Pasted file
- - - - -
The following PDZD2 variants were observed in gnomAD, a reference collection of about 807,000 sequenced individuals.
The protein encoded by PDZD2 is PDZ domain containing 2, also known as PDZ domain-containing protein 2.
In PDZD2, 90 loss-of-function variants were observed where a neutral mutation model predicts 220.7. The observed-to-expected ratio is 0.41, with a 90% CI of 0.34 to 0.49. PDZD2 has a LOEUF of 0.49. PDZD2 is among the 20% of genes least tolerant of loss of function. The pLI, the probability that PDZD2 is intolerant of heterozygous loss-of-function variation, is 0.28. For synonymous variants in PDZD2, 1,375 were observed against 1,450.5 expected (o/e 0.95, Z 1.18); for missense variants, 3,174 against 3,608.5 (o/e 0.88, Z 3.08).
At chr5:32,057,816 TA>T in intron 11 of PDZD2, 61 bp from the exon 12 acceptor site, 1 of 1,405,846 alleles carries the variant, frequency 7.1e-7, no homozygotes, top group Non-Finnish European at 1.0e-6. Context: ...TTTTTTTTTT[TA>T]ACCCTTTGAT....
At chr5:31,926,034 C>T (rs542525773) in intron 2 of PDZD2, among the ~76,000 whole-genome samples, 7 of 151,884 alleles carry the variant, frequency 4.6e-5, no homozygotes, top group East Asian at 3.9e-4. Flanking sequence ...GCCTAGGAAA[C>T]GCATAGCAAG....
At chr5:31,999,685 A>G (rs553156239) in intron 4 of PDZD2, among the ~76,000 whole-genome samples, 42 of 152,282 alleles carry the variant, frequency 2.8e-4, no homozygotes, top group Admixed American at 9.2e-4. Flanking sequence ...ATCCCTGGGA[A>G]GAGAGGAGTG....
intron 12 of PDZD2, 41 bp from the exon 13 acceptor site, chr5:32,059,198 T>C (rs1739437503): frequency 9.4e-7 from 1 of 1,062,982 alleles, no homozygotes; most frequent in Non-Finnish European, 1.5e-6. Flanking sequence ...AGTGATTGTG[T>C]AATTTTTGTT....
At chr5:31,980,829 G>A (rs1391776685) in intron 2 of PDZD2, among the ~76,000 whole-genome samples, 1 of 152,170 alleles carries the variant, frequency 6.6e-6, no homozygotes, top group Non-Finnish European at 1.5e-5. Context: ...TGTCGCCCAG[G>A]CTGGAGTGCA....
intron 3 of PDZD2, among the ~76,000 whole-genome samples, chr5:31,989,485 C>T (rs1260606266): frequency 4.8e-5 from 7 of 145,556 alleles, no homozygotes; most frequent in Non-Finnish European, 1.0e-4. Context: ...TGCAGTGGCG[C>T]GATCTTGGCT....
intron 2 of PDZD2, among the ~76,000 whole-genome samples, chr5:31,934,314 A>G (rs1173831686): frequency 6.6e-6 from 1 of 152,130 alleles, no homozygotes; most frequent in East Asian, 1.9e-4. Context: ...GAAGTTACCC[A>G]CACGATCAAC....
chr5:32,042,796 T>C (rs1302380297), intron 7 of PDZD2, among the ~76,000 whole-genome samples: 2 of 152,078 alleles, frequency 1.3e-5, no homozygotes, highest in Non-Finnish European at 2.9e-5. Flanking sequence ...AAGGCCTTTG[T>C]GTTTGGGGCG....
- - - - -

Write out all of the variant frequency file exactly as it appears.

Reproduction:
The following PDZD2 variants were observed in gnomAD, a reference collection of about 807,000 sequenced individuals.
The protein encoded by PDZD2 is PDZ domain containing 2, also known as PDZ domain-containing protein 2.
In PDZD2, 90 loss-of-function variants were observed where a neutral mutation model predicts 220.7. The observed-to-expected ratio is 0.41, with a 90% CI of 0.34 to 0.49. PDZD2 has a LOEUF of 0.49. PDZD2 is among the 20% of genes least tolerant of loss of function. The pLI, the probability that PDZD2 is intolerant of heterozygous loss-of-function variation, is 0.28. For synonymous variants in PDZD2, 1,375 were observed against 1,450.5 expected (o/e 0.95, Z 1.18); for missense variants, 3,174 against 3,608.5 (o/e 0.88, Z 3.08).
At chr5:32,057,816 TA>T in intron 11 of PDZD2, 61 bp from the exon 12 acceptor site, 1 of 1,405,846 alleles carries the variant, frequency 7.1e-7, no homozygotes, top group Non-Finnish European at 1.0e-6. Context: ...TTTTTTTTTT[TA>T]ACCCTTTGAT....
At chr5:31,926,034 C>T (rs542525773) in intron 2 of PDZD2, among the ~76,000 whole-genome samples, 7 of 151,884 alleles carry the variant, frequency 4.6e-5, no homozygotes, top group East Asian at 3.9e-4. Flanking sequence ...GCCTAGGAAA[C>T]GCATAGCAAG....
At chr5:31,999,685 A>G (rs553156239) in intron 4 of PDZD2, among the ~76,000 whole-genome samples, 42 of 152,282 alleles carry the variant, frequency 2.8e-4, no homozygotes, top group Admixed American at 9.2e-4. Flanking sequence ...ATCCCTGGGA[A>G]GAGAGGAGTG....
intron 12 of PDZD2, 41 bp from the exon 13 acceptor site, chr5:32,059,198 T>C (rs1739437503): frequency 9.4e-7 from 1 of 1,062,982 alleles, no homozygotes; most frequent in Non-Finnish European, 1.5e-6. Flanking sequence ...AGTGATTGTG[T>C]AATTTTTGTT....
At chr5:31,980,829 G>A (rs1391776685) in intron 2 of PDZD2, among the ~76,000 whole-genome samples, 1 of 152,170 alleles carries the variant, frequency 6.6e-6, no homozygotes, top group Non-Finnish European at 1.5e-5. Context: ...TGTCGCCCAG[G>A]CTGGAGTGCA....
intron 3 of PDZD2, among the ~76,000 whole-genome samples, chr5:31,989,485 C>T (rs1260606266): frequency 4.8e-5 from 7 of 145,556 alleles, no homozygotes; most frequent in Non-Finnish European, 1.0e-4. Context: ...TGCAGTGGCG[C>T]GATCTTGGCT....
intron 2 of PDZD2, among the ~76,000 whole-genome samples, chr5:31,934,314 A>G (rs1173831686): frequency 6.6e-6 from 1 of 152,130 alleles, no homozygotes; most frequent in East Asian, 1.9e-4. Context: ...GAAGTTACCC[A>G]CACGATCAAC....
chr5:32,042,796 T>C (rs1302380297), intron 7 of PDZD2, among the ~76,000 whole-genome samples: 2 of 152,078 alleles, frequency 1.3e-5, no homozygotes, highest in Non-Finnish European at 2.9e-5. Flanking sequence ...AAGGCCTTTG[T>C]GTTTGGGGCG....